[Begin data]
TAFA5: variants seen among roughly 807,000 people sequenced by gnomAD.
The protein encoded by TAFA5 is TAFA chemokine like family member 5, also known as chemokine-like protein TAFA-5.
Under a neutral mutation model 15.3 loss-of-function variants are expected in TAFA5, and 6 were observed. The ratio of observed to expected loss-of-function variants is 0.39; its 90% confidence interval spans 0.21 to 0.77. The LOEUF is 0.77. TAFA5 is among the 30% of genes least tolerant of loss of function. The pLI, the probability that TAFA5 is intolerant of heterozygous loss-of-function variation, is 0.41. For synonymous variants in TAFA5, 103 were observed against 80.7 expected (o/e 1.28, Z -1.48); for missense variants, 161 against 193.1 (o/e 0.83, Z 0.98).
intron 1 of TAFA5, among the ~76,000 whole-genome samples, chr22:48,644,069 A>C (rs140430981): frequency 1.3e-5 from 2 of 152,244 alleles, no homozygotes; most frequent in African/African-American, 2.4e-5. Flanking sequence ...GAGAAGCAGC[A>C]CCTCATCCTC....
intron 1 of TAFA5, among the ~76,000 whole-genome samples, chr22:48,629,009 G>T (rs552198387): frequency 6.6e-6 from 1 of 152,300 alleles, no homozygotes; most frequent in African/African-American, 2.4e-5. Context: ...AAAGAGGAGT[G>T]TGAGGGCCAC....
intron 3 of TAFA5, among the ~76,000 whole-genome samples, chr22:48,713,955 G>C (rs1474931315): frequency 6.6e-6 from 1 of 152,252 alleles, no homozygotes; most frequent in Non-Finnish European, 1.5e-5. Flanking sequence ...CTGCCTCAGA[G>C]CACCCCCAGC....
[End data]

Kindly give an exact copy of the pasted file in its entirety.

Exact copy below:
TAFA5: variants seen among roughly 807,000 people sequenced by gnomAD.
The protein encoded by TAFA5 is TAFA chemokine like family member 5, also known as chemokine-like protein TAFA-5.
Under a neutral mutation model 15.3 loss-of-function variants are expected in TAFA5, and 6 were observed. The ratio of observed to expected loss-of-function variants is 0.39; its 90% confidence interval spans 0.21 to 0.77. The LOEUF is 0.77. TAFA5 is among the 30% of genes least tolerant of loss of function. The pLI, the probability that TAFA5 is intolerant of heterozygous loss-of-function variation, is 0.41. For synonymous variants in TAFA5, 103 were observed against 80.7 expected (o/e 1.28, Z -1.48); for missense variants, 161 against 193.1 (o/e 0.83, Z 0.98).
intron 1 of TAFA5, among the ~76,000 whole-genome samples, chr22:48,644,069 A>C (rs140430981): frequency 1.3e-5 from 2 of 152,244 alleles, no homozygotes; most frequent in African/African-American, 2.4e-5. Flanking sequence ...GAGAAGCAGC[A>C]CCTCATCCTC....
intron 1 of TAFA5, among the ~76,000 whole-genome samples, chr22:48,629,009 G>T (rs552198387): frequency 6.6e-6 from 1 of 152,300 alleles, no homozygotes; most frequent in African/African-American, 2.4e-5. Context: ...AAAGAGGAGT[G>T]TGAGGGCCAC....
intron 3 of TAFA5, among the ~76,000 whole-genome samples, chr22:48,713,955 G>C (rs1474931315): frequency 6.6e-6 from 1 of 152,252 alleles, no homozygotes; most frequent in Non-Finnish European, 1.5e-5. Flanking sequence ...CTGCCTCAGA[G>C]CACCCCCAGC....